She dismissed Yoon’s plan as a copy of “Vision 3000 through Denuclearization and Openness,” of President Lee Myung-bak (2008-2013) to push North Korea toward denuclearization and open-door policy in return for massive aid and investment. Lee, a conservative, pledged to raise the North’s per capita income to the level of $3,000 within 10 years. But inter-Korean relations worsened during his term. As of 2021, North Korea’s per capita income was estimated at 1,423,000 won ($1,183), or 3.5 percent of that of South Korea.
It’s a pity that Kim Jong-un is using his younger sister in the role of “bad cop” in inter-Korean relations, blaring invectives and eroding her favorable image built in the South through mutual visits for the 2018 Winter Olympics and the subsequent summit talks. No less unfortunate is that North Korean leaders fail to notice the difference between proposals made by two conservative administrations separated by 14 years.
Kim Tae-hyo, Yoon’s deputy national security director, said the Audacious Initiative is an “upgrade” to Lee’s Vision 3000. He explained Yoon’s approach as a quid pro quo program, instead of an action-to-action formula premised on a wholesale denuclearization package: if North Korea commits to phased denuclearization and proceeds with “freezing, declaration, verification and dismantlement” of its nuclear arms program, economic assistance will be extended in kind.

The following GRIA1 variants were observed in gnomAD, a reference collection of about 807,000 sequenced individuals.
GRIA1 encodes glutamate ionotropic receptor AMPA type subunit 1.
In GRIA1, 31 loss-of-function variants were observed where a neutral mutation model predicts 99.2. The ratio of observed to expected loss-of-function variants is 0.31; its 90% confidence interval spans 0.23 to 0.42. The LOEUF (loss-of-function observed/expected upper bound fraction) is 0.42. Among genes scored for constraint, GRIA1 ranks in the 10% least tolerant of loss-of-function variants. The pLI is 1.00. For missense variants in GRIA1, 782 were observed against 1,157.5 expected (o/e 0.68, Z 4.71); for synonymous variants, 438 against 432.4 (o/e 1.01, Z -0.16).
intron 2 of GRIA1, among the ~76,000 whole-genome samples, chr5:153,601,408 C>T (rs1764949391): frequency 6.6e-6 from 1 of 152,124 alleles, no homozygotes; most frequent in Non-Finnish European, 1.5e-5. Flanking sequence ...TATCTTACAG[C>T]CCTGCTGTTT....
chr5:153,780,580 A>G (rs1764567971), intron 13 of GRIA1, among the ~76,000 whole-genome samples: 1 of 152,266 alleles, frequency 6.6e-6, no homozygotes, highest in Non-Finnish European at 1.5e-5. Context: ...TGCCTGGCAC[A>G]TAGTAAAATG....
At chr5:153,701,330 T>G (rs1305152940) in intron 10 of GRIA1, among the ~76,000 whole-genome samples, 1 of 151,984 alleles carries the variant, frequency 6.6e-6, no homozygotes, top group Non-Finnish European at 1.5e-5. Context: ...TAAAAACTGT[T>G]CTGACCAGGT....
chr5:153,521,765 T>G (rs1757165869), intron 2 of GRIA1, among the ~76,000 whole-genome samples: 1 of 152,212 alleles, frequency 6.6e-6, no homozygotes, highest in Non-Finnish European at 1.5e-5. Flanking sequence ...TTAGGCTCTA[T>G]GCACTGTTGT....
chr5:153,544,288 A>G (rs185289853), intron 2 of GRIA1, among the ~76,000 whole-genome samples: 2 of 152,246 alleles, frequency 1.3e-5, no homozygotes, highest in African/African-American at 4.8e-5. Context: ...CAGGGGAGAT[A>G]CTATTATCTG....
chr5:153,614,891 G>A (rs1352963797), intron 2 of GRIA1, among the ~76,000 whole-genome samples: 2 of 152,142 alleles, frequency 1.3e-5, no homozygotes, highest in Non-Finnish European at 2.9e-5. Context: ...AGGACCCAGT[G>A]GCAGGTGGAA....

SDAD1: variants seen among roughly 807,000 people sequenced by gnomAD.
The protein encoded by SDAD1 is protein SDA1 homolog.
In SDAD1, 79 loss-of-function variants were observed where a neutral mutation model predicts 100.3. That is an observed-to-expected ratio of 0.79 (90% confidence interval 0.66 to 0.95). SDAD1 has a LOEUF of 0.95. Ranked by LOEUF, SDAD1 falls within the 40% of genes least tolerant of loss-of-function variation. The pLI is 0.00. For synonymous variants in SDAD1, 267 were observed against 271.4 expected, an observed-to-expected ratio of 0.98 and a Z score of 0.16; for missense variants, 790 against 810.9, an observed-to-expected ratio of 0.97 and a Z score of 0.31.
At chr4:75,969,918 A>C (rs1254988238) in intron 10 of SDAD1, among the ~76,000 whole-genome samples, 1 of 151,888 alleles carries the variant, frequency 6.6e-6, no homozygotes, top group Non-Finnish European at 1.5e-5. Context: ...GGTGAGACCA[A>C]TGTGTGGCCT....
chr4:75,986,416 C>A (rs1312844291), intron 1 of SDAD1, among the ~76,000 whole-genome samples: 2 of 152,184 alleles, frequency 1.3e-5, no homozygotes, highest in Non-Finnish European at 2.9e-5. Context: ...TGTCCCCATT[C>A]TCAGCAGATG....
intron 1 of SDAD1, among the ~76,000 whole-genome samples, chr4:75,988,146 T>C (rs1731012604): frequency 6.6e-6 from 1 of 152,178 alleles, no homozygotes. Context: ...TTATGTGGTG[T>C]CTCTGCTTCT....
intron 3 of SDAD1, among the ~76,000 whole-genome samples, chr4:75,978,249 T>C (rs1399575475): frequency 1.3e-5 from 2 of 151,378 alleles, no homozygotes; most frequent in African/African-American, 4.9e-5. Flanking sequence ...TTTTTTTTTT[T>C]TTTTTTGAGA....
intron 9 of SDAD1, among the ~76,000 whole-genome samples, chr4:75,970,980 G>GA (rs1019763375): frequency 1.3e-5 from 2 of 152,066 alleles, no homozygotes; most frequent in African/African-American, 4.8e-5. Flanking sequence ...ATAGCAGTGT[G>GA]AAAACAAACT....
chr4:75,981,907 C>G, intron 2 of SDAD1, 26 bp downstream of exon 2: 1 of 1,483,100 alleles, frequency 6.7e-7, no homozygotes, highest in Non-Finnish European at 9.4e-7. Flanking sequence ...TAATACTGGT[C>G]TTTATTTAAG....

Unlike Vision 3000, Yoon’s initiative includes political and military cooperation as well, which was not mentioned in the presidential speech, according to Kim. He also worked on Lee’s proposal as a member of his foreign relations and national security staff.
Yoon’s initiative, advocating for a phased process, shares a common perspective with the Biden administration’s “calibrated, practical approach” toward the goal of the complete denuclearization of the Korean Peninsula. This implies a greater chance of success, even though North Korea cannot but be a low-priority issue for the Biden administration due to the war in Ukraine and the economic, political and social turbulence in the US.
President Yoon is in no position to place the North Korean nuclear issue high on his agenda either. He is apparently overwhelmed with tackling political and economic problems, with his approval ratings hovering around 30 percent, threatening to drop further anytime, and his ruling People Power Party helplessly embroiled in internal strife.
Seemingly lost in all the blueprints and spreadsheets is people-to-people contact. It has proven again and again to be an icebreaker. Might Yoon elicit cooperation from the opposition Democratic Party of Korea, instead of accusing the liberals of their policy of appeasement toward the North and even seeking their criminal indictment? Recall the unvarnished mood when athletes and entertainers of both Koreas have stood shoulder to shoulder, without the political baggage. Genuine mutual trust and cooperation needs time to materialize.
Lee Kyong-hee is a former editor-in-chief of The Korea Herald. -- Ed.